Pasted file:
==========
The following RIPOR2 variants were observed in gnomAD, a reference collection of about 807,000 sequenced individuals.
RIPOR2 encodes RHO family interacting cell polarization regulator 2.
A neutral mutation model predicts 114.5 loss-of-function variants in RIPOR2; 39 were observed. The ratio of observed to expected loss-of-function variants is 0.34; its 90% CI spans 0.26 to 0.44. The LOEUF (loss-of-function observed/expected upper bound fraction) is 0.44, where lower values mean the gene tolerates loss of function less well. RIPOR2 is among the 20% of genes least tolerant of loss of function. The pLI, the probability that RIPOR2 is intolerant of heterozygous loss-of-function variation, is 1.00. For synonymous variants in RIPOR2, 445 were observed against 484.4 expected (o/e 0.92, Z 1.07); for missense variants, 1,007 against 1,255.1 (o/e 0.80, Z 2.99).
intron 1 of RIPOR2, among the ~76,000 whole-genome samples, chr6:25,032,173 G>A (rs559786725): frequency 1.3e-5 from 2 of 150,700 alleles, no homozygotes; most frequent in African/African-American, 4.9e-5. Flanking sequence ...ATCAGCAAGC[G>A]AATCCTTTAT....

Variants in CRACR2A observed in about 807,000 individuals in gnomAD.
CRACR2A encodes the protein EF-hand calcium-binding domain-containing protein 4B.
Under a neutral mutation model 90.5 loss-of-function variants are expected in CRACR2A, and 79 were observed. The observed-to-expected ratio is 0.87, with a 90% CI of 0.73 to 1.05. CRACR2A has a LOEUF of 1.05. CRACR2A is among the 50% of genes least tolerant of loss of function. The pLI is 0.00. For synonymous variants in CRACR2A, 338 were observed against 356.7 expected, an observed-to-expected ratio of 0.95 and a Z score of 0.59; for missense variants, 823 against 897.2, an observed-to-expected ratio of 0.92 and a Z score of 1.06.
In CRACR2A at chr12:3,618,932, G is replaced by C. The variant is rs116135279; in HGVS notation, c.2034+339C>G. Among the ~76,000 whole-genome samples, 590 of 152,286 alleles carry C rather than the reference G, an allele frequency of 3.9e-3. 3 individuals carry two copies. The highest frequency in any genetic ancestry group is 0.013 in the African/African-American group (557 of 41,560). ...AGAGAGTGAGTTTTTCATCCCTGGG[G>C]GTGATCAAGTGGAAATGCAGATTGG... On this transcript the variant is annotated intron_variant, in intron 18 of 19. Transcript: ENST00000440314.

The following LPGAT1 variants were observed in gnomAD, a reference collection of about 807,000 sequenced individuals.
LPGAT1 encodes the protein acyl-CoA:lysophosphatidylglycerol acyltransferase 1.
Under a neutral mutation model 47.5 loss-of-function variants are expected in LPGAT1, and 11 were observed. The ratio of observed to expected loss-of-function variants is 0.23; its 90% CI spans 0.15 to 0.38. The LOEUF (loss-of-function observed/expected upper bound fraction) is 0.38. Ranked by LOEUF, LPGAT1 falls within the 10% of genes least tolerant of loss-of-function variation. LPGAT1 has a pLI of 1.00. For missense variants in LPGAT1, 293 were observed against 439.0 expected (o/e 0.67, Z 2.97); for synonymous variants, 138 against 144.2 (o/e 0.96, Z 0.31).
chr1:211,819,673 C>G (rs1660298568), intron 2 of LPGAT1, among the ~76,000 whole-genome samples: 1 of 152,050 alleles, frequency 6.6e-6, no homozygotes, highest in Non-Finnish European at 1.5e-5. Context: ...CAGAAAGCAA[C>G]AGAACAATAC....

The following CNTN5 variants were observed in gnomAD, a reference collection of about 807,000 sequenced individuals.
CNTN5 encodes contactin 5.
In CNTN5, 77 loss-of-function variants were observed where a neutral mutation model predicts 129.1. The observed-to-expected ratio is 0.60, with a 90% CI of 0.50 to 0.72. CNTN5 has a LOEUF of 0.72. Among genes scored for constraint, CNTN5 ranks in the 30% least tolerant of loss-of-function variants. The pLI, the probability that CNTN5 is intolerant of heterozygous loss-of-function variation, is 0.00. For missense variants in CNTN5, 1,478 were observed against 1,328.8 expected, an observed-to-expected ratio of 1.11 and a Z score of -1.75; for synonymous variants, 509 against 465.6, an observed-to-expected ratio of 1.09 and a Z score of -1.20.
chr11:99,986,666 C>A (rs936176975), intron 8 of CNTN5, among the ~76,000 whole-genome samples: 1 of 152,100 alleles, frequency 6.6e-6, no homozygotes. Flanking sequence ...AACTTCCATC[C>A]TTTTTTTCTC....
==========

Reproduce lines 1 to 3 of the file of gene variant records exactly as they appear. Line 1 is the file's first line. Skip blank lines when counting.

The following RIPOR2 variants were observed in gnomAD, a reference collection of about 807,000 sequenced individuals.
RIPOR2 encodes RHO family interacting cell polarization regulator 2.
A neutral mutation model predicts 114.5 loss-of-function variants in RIPOR2; 39 were observed. The ratio of observed to expected loss-of-function variants is 0.34; its 90% CI spans 0.26 to 0.44. The LOEUF (loss-of-function observed/expected upper bound fraction) is 0.44, where lower values mean the gene tolerates loss of function less well. RIPOR2 is among the 20% of genes least tolerant of loss of function. The pLI, the probability that RIPOR2 is intolerant of heterozygous loss-of-function variation, is 1.00. For synonymous variants in RIPOR2, 445 were observed against 484.4 expected (o/e 0.92, Z 1.07); for missense variants, 1,007 against 1,255.1 (o/e 0.80, Z 2.99).